“Returning my ballot by e-fax will ensure I can vote independently from start to finish—as voters without disabilities in California are already able to do,” said Russell Rawlings, another plaintiff in the lawsuit.

“Through this preliminary injunction, I hope that people who are blind or low-vision are granted the ability to vote with confidence using their own assistive technology to mark and cast their ballot by e-fax,” said Gabriel Griffith, President of the California Council of the Blind.

“Blind people, like all other voters, are concerned about the integrity of our ballots and of the voting process,” said Tim Elder, president of the National Federation of the Blind of California. “Our votes are neither secret nor secure when we must rely on third parties to assist us with printed paper ballots. We simply seek a vote-by-mail solution that respects our right to vote privately and independently, and in so doing treats us equally rather than as second-class citizens.”

“The right to a secret ballot is a fundamental right that most Americans take for granted,” said Rosa Lee Bichell, a staff attorney with Disability Rights Advocates. “Unfortunately, California’s vote-by-mail procedures fail to respect that right for voters with print disabilities. Through this case, we hope to ensure that all California voters are granted equal access to a private and independent vote.”

“All registered active voters receive a ballot in the mail and can return it by mail, in a drop box, or at a voting location. However, voters with print disabilities cannot return their ballot without having to waive their sacred right to a secret vote. We receive complaints to our Voting Hotline from voters with print disabilities every major election asking why they are not able to return their ballot electronically, like their counterparts in other states can. We filed the complaint to end the discrimination resulting from what amounts to a requirement that voters with print disabilities waive their right to vote privately and independently in order use the popular Vote-by-Mail Program. In order to ensure that the November 5, 2024, Presidential General Election is more accessible to voters with print disabilities, we are seeking only the minimum level of accessible ballot return, by facsimile,” said Fred Nisen, Managing Attorney, Disability Rights California.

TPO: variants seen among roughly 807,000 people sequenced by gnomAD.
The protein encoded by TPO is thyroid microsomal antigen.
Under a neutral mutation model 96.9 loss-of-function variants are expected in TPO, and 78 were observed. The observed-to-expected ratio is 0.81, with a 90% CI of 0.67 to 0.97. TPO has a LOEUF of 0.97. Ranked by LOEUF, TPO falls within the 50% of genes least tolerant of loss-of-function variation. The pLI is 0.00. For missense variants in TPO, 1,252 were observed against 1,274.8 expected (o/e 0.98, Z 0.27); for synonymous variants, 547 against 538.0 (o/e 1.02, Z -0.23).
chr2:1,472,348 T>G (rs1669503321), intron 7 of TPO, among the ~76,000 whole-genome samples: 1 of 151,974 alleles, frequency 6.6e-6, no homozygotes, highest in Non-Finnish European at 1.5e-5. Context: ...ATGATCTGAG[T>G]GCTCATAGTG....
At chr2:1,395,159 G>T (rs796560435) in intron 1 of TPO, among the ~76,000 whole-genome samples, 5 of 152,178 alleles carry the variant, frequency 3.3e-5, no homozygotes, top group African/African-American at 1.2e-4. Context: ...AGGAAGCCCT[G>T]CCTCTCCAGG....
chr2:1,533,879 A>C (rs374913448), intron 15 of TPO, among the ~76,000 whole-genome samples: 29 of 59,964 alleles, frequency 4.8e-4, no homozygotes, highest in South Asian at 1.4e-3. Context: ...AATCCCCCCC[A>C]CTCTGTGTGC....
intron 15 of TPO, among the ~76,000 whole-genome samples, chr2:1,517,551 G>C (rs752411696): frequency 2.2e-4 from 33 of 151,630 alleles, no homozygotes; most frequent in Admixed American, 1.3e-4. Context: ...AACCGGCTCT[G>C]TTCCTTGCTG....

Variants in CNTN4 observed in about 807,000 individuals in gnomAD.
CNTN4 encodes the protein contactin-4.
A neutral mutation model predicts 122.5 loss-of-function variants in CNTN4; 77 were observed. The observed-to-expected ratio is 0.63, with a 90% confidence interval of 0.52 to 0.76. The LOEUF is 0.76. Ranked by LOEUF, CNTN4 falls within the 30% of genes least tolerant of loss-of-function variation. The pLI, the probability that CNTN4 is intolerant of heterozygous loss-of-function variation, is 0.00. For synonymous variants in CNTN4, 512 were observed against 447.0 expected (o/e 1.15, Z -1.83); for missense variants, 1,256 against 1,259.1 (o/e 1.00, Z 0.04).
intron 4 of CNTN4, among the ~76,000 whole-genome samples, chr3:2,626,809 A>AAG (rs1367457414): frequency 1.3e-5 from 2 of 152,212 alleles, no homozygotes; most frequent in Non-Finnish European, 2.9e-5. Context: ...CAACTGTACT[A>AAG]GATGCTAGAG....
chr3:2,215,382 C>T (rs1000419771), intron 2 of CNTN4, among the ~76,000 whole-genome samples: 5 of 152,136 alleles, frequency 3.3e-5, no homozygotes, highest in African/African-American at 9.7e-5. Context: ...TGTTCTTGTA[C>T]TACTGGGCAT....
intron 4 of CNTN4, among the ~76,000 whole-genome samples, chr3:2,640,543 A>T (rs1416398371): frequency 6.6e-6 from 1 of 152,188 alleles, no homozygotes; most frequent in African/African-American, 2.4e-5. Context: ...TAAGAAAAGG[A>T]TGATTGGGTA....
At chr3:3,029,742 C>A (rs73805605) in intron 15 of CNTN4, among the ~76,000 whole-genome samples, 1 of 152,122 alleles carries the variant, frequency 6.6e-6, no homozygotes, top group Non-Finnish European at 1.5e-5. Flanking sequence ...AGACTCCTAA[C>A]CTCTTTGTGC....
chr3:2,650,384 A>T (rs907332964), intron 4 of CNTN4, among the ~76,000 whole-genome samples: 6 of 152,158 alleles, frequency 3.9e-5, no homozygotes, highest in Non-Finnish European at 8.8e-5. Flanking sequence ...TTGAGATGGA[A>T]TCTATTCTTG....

Founded in 1982, Brown, Goldstein & Levy is a law firm based in Baltimore, Maryland, with an office in Washington, D.C. The firm is nationally recognized in a wide variety of practice areas, including complex civil and commercial litigation, civil rights, health care, family law, and criminal defense. Above all else, Brown, Goldstein & Levy is a client-centered law firm that brings decades of experience and passionate, effective advocacy to your fight for justice.

California Council of the Blind (CCB) is a grassroots membership organization operating throughout California. It is an affiliate of the American Council of the Blind, a national membership organization. CCB’s purpose is to increase the independence and equality for all Californians who are blind or low vision. Its mission is to increase the independence, security, equality of opportunity, and quality of life for all Californians who are blind and visually impaired. Its services include providing information and referrals, technical assistance, and advocacy.

Disability Rights Advocates (DRA) is a leading national nonprofit disability rights legal center. Its mission is to advance equal rights and opportunity for people with all types of disabilities nationwide. DRA has a long history of enforcing the rights of voters with disabilities, including their rights to accessible voting machines, polling places, and online voter registration. DRA has secured legal victories for accessible absentee voting in Indiana, New York, and North Carolina. Visit

Disability Rights California (DRC) is the agency designated under federal law to protect and advocate for the rights of Californians with disabilities. The mission of DRC is to defend, advance, and strengthen the rights and opportunities of people with disabilities. For more information visit:

The National Federation of the Blind of California (NFBCA) is a nonprofit volunteer membership organization operating throughout California. It is an affiliate of the National Federation of the Blind, a national organization that promotes equal opportunity for the blind by removing legal, economic, and societal barriers to full participation by blind people in employment, education, recreation, and all other aspects of community life. NFBCA’ mission is to protect and promote the civil rights of blind persons through public education and advocacy.

Join the conversation!